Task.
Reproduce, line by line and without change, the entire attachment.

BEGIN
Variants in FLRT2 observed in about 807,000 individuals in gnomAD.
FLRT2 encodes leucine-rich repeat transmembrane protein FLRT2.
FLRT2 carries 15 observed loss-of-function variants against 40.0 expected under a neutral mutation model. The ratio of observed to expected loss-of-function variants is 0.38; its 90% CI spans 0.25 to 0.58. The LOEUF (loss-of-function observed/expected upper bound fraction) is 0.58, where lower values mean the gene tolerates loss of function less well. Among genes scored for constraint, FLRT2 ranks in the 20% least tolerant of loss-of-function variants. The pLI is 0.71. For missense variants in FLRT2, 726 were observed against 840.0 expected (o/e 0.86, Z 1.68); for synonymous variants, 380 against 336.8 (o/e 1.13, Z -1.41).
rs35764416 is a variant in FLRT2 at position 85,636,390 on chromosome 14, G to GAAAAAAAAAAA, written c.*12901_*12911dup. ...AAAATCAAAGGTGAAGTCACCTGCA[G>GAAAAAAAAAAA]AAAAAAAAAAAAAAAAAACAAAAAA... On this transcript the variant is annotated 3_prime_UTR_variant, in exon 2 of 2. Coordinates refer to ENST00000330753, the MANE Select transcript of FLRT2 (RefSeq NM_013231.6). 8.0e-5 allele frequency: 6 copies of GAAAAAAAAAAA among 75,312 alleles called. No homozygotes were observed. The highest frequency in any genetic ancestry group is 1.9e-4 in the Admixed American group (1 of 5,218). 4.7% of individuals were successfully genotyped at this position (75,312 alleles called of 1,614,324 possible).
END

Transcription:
Variants in FLRT2 observed in about 807,000 individuals in gnomAD.
FLRT2 encodes leucine-rich repeat transmembrane protein FLRT2.
FLRT2 carries 15 observed loss-of-function variants against 40.0 expected under a neutral mutation model. The ratio of observed to expected loss-of-function variants is 0.38; its 90% CI spans 0.25 to 0.58. The LOEUF (loss-of-function observed/expected upper bound fraction) is 0.58, where lower values mean the gene tolerates loss of function less well. Among genes scored for constraint, FLRT2 ranks in the 20% least tolerant of loss-of-function variants. The pLI is 0.71. For missense variants in FLRT2, 726 were observed against 840.0 expected (o/e 0.86, Z 1.68); for synonymous variants, 380 against 336.8 (o/e 1.13, Z -1.41).
rs35764416 is a variant in FLRT2 at position 85,636,390 on chromosome 14, G to GAAAAAAAAAAA, written c.*12901_*12911dup. ...AAAATCAAAGGTGAAGTCACCTGCA[G>GAAAAAAAAAAA]AAAAAAAAAAAAAAAAAACAAAAAA... On this transcript the variant is annotated 3_prime_UTR_variant, in exon 2 of 2. Coordinates refer to ENST00000330753, the MANE Select transcript of FLRT2 (RefSeq NM_013231.6). 8.0e-5 allele frequency: 6 copies of GAAAAAAAAAAA among 75,312 alleles called. No homozygotes were observed. The highest frequency in any genetic ancestry group is 1.9e-4 in the Admixed American group (1 of 5,218). 4.7% of individuals were successfully genotyped at this position (75,312 alleles called of 1,614,324 possible).